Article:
Child Employment at Greenside Lead Mine
by Emma Bray
The Employment of Boys
Lead ore washers
Lead ore washing involved a series of processes from sorting rocks, placing them on gratings to be washed in a stream of water, operating mechanical sieves to sort crushed rock and sifting material from “buddles” where finer particles of lead were separated with water. In 1842, a Commission looked into the employment of children in mines including at Greenside. William Eddy who had been a washer at Alston before coming to Greenside described how the washers’ hands were often cut by the cold. The Commissioner was critical of mines such as Greenside which didn’t provide shelter for the washer boys who would have been soaked through in wet weather. However, his general opinion was that the work of ore washers was not too laborious and the hours not too long. The evidence at Greenside contradicts this. William Marshall, owner of the mineral rights, told the Kinnaird Inquiry that the boys worked 13 or 14 hours a day in order that they could get home to their families on Friday evenings which, he said, “is apparent to anyone is beyond their strength”. Boys who lived locally worked shorter hours, but for six days.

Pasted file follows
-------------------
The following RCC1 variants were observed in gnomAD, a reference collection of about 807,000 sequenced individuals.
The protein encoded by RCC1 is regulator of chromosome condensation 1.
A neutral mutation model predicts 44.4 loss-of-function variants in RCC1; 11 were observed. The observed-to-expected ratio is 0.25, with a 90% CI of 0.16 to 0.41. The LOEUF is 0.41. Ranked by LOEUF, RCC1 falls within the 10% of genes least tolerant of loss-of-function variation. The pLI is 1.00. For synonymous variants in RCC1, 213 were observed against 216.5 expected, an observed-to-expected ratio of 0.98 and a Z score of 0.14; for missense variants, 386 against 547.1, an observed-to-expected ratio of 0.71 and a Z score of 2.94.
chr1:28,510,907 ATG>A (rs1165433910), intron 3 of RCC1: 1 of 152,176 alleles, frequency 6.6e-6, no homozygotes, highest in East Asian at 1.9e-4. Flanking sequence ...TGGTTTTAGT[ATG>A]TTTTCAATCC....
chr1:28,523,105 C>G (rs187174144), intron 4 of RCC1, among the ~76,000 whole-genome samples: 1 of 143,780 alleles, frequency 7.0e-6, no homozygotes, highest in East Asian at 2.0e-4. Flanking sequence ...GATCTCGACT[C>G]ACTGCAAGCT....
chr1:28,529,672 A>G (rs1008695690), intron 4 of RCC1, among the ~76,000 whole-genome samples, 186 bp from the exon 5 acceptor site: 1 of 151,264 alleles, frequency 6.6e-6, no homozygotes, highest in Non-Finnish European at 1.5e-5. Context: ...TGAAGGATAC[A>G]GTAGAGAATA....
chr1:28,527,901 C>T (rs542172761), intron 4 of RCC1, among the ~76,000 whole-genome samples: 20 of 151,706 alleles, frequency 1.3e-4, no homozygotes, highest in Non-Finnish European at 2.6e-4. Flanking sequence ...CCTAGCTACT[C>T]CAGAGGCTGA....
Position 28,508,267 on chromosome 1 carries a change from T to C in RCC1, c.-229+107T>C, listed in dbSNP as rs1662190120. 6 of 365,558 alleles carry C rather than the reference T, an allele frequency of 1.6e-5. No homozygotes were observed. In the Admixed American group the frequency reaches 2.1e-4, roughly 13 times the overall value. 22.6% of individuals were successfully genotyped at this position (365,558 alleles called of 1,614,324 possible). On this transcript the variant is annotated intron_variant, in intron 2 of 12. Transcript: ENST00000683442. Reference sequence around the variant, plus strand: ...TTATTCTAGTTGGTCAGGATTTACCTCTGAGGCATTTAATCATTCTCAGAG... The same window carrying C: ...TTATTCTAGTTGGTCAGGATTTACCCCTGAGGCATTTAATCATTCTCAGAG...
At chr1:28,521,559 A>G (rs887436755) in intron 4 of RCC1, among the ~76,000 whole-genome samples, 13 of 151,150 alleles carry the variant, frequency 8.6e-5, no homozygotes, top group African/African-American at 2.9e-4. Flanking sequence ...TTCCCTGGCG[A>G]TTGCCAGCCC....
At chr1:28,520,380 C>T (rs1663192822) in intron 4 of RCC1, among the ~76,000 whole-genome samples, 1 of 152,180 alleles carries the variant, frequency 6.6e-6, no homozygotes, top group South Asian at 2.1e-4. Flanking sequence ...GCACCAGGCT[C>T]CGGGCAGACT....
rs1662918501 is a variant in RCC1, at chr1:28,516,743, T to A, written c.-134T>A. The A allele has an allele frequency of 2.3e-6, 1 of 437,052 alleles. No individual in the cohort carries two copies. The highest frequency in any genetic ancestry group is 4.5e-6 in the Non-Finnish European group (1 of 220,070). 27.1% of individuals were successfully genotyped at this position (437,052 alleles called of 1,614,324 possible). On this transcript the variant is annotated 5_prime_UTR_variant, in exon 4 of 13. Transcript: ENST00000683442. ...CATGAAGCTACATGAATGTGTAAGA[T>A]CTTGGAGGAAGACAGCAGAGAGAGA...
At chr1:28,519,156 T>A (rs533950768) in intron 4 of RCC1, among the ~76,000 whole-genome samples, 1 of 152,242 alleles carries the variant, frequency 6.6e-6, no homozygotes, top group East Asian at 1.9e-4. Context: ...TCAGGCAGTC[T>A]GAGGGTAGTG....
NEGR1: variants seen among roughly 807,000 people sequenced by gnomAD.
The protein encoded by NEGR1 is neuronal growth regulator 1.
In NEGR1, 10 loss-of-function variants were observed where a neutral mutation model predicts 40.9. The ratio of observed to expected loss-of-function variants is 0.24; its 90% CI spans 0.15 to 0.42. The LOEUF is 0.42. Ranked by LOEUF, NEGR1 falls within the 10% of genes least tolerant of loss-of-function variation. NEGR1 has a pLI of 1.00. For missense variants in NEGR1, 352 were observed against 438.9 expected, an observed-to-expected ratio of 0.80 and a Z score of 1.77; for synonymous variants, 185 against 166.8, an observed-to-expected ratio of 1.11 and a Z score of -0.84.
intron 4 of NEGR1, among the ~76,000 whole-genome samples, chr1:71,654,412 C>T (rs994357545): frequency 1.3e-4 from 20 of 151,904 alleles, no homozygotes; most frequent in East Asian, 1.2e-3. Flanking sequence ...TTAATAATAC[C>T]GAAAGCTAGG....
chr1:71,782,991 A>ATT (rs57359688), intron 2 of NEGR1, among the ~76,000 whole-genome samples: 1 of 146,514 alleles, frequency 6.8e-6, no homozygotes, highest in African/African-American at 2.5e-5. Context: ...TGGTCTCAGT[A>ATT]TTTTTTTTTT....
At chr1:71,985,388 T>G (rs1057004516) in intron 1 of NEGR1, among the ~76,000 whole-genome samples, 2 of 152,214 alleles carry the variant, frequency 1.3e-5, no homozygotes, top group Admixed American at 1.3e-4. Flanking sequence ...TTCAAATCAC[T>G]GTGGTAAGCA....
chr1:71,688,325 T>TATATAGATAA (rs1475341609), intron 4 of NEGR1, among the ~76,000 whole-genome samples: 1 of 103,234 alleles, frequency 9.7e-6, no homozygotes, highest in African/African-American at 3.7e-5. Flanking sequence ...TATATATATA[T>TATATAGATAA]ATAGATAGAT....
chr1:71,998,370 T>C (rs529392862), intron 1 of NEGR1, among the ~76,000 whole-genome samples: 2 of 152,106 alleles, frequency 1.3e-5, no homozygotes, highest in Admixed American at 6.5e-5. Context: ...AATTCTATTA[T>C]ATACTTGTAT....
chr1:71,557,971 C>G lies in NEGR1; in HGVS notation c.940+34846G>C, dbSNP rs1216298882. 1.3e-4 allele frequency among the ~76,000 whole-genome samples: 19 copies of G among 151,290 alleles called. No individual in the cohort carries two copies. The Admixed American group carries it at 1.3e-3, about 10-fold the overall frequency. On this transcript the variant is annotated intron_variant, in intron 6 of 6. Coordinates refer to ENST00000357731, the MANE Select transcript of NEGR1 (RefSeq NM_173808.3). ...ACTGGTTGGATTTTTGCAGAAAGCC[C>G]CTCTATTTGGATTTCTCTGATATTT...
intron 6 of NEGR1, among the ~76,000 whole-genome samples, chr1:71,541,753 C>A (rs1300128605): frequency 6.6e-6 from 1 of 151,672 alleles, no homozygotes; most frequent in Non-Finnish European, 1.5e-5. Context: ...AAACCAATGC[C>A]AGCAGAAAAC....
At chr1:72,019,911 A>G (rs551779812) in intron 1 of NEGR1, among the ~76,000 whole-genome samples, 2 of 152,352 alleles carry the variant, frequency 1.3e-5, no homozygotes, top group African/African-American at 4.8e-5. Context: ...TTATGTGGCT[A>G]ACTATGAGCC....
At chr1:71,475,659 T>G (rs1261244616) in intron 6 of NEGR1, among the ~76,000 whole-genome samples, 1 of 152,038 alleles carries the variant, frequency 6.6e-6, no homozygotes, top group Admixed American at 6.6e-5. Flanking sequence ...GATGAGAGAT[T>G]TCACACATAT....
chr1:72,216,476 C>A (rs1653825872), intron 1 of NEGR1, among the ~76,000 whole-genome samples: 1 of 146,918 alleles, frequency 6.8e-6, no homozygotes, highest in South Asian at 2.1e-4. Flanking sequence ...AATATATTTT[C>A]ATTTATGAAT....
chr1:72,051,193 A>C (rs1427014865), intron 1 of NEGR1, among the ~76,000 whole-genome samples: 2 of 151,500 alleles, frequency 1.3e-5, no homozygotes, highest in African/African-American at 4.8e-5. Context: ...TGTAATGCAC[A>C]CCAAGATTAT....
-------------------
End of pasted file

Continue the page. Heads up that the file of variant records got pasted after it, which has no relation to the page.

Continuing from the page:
Accommodation in Mining Shops
Because of the shortage of housing in Glenridding until the late nineteenth century, the boys suffered the hardship of living away from their homes during the week. They walked from Matterdale, Penrith and as far as Keswick early on a Monday morning and returned home either Friday evening (if the work was finished) or Saturday lunchtime. During the week, they were housed in communal shops with the working men. William Eddy said these were not “fit for swine to live in”, describing how 16 bedsteads were occupied by 50 men, three to a bed. The ground floor was not boarded in the early days, so was puddled with water and inches deep with dirt and potato peelings. He described icicles coming though the roof and the lack of ventilation. His brother, Joseph, complained of the stench of cooking bacon at all hours of the day and of fleas. He thought that the shops were more injurious to health than the washing work.
The washers started on pay of 4d or 5d a day from the age of 9 and that increased by 1d a day for each year. In the mine, they started on 9d a day and went up to 1s a day.